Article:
Windows Phone, NFC and Imagine cup; changing how your receive medical care

We all likely know someone who wears a wristband to alert medical professionals of any allergies or chronic diseases in case of an emergency. These wristbands are an old-fashion way to make sure that anyone who needs to assist you, has all of your important vitals at their disposal by reading the band on your wrist.

One team from Cyprus, who is competing in Microsoft's 2013 Imagine Cup competition, has created a solution that takes these wristbands and brings them into the 21st century. Team Nudge from Cyprus developed a wristband that stores all of your medical information and it can be accessed with a Windows Phone that has NFC capability.

The inspiration for the team came from their colleague who wears a medical bracelet that alerts medical professionals to their chronic diseases/allergies in case of an emergency. By creating a new band that has NFC capabilities, the transmission of information from the band to the caregiver takes only a few seconds and can provide significantly more detail about the individuals medical needs than the existing solution.

The idea is quite simple, if you have need to wear a medical wristband you can input your information into an NFC capable band whose information can be accessed by a Windows Phone. The information can then be distributed to the necessary parties to make sure you receive the proper medical care.

Microsoft's Imagine Cup is all about taking existing technologies and finding new uses that serve the greater community. Team Nudge is one of the many teams that will be headed to worldwide finals in Russia and if you want to read more about the teams headed to the finals, follow this link.

Report a problem with article
Previous Story

Lenovo Reach revealed; will remember all of your passwords

Next Story

Galaxy S4 Mini leaks via Samsung's official app store


Commenting is disabled on this article.

I have issues with this in that as you wear it, anyone with a NFC windows phone can download and know your health which, in the US is a Hipaa violation. can this be encrypted? then this would be a mute issue.

Great point. Anytime you're dealing with PII, PHI and HIPPA data... they will never get off the ground if they don't demonstrate security and the controls around this data.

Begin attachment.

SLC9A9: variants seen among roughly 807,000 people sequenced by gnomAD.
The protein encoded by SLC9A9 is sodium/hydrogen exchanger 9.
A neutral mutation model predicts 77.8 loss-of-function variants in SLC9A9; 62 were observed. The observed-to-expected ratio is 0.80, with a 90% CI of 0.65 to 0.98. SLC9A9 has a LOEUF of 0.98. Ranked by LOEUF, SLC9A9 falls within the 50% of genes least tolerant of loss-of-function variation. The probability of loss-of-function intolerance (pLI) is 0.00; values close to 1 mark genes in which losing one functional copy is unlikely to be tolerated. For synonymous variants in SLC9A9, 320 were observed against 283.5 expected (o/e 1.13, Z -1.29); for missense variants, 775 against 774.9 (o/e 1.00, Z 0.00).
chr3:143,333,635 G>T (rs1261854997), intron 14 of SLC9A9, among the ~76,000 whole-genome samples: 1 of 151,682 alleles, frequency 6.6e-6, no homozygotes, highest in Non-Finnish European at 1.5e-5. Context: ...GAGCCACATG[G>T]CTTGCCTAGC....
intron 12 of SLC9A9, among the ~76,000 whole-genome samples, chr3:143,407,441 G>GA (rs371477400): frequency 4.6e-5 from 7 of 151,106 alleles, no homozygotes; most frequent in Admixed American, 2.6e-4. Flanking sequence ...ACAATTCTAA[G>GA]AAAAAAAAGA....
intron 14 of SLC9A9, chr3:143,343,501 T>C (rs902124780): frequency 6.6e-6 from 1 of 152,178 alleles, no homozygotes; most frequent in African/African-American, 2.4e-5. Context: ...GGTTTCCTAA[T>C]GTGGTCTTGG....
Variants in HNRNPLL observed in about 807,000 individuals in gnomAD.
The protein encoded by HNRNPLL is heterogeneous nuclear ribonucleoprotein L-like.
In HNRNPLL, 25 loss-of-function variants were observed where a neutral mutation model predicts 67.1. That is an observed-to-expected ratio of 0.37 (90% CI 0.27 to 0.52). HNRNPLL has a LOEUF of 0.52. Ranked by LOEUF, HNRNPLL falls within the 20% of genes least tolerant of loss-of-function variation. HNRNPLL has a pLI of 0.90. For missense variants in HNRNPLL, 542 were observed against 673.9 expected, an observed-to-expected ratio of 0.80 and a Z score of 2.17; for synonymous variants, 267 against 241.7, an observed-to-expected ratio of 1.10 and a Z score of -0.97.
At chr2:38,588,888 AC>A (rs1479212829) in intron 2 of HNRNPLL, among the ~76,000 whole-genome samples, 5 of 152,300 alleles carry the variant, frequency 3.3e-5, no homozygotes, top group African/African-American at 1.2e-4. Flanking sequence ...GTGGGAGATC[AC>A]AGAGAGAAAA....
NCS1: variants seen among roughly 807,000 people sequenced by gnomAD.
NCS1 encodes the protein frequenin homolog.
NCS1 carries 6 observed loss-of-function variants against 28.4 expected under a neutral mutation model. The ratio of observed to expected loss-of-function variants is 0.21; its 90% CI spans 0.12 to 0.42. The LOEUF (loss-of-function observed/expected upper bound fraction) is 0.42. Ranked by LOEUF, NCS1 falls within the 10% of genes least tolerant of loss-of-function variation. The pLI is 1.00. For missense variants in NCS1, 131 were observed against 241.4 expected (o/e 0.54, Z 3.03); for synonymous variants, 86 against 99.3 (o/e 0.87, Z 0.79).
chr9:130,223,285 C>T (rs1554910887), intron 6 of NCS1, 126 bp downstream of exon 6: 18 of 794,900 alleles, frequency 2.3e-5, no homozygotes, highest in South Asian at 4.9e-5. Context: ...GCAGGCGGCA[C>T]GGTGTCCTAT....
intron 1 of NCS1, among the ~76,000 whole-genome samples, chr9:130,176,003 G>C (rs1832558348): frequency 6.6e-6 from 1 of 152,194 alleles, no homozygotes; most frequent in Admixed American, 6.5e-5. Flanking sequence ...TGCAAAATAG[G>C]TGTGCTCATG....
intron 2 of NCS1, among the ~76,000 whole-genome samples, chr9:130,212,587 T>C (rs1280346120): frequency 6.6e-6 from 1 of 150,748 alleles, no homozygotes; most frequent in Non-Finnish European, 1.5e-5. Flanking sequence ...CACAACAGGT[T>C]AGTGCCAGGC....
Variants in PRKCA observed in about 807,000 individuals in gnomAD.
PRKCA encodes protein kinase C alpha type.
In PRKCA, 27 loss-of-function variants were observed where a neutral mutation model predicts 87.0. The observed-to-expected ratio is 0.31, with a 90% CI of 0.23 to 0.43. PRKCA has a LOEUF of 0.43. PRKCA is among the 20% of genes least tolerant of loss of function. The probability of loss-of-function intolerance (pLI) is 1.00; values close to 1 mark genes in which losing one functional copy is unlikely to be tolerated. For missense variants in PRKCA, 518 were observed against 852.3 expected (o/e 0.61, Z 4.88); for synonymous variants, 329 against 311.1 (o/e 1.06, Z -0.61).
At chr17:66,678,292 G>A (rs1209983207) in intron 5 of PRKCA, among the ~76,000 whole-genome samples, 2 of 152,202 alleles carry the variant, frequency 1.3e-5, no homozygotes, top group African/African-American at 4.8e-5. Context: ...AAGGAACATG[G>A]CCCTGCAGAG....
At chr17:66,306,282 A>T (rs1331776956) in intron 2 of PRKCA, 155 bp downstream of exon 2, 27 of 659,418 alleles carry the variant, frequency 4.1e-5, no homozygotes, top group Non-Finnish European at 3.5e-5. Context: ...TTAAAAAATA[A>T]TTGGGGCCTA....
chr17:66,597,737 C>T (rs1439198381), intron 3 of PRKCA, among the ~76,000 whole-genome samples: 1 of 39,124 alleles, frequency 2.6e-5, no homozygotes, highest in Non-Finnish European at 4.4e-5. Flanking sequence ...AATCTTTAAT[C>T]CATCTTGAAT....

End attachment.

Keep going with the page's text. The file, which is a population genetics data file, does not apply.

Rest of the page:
Hello guys, Actually, I watched their presentation and they presented a security scheme as well. The have a separate security scheme for the owners of the wristband, the medical personel and the public.

What a load of ****.
Advantages of this is you care store more information.
Disadvantages (those I can think of) can only be read by a phone with nfc, prone to getting damaged by water, won't work in an airport or somewhere with lots of interferance, phone needs to have software to read it on, bit rot will make the tag unusable, it wastes time whilst a medical professional ****s around with some device trying to read a specific tag (and none others that might also be in it's scanning radius) to see what's wrong with someone when the commonly used printed tags works bloody fine as is.

This is probably one of the most pathetic attempts of cashing in on something with a proposed worse standard that the current standard.

Dont need a phone to read NFC chips, any device with the NFC hardware will do. Which will be cheap to add to a ambulance considering the thing is expensive anyways. It is just developed on Windows Phone... cause it's a Microsoft hosted contest.
Also you can easily block out many of the interferences by some sort of radio waves isolated blanket you put around the persons arm and the device while reading out the data. maybe takes a few seconds more, but its solveable.

Wastes time? Some people have many allergies or take a bucket load of medicine, you simply cannot write that all down on a medical bracelet.... It only speeds it up since rather then questioning a database, any person with a medical background can then read out the information and hopefully help accordingly.
NFC is common on phones, i'm sure a fancy doctor can afford one with NFC especially if he knows he can help better in possible medical emergencies.

Even if it saves one life, its worth it.

Common, yeah right,
I'm by no means a fan of apple but I'm pretty sure their devices are as much if not more widespread than most of manufacturers, so there's a huge hole in your system.
Why should ambulances have to be outfitted with NFC readers, bracelets work fine.
You don't need every single problem with you listed on a bracelet, it's meant for urgent problems with you or things that might affect you if given such as certain drugs, they don't need to know if you've got IBS or whatever - that's not actually important if you've collapsed as the side of a road.
'Also you can easily block out many of the interferences by some sort of radio waves isolated blanket you put around the persons arm and the device while reading out the data.'
Haha so now they've got to have special blankets? Even more of a joke.

Someone very close to me would need to wear a bunch of bracelets. Depending on the days events, they may travel with 4 prescriptions or 10. They also carry a folder around with pertinent medical info, it is a thick folder.

The idea behind this tech is a great idea. In time the devices will shrink in size to become more practical and maybe even be embedded in a bracelet similar to what you are talking about.

As for outfitting health professionals with NFC readers, there are options that plugin to the headphone jack for iPhones and I'm sure someone will create a case for iPads that incorporate an NFC reader for medical professionals.

Where you see a silly idea, some of us with different life experiences see a great idea.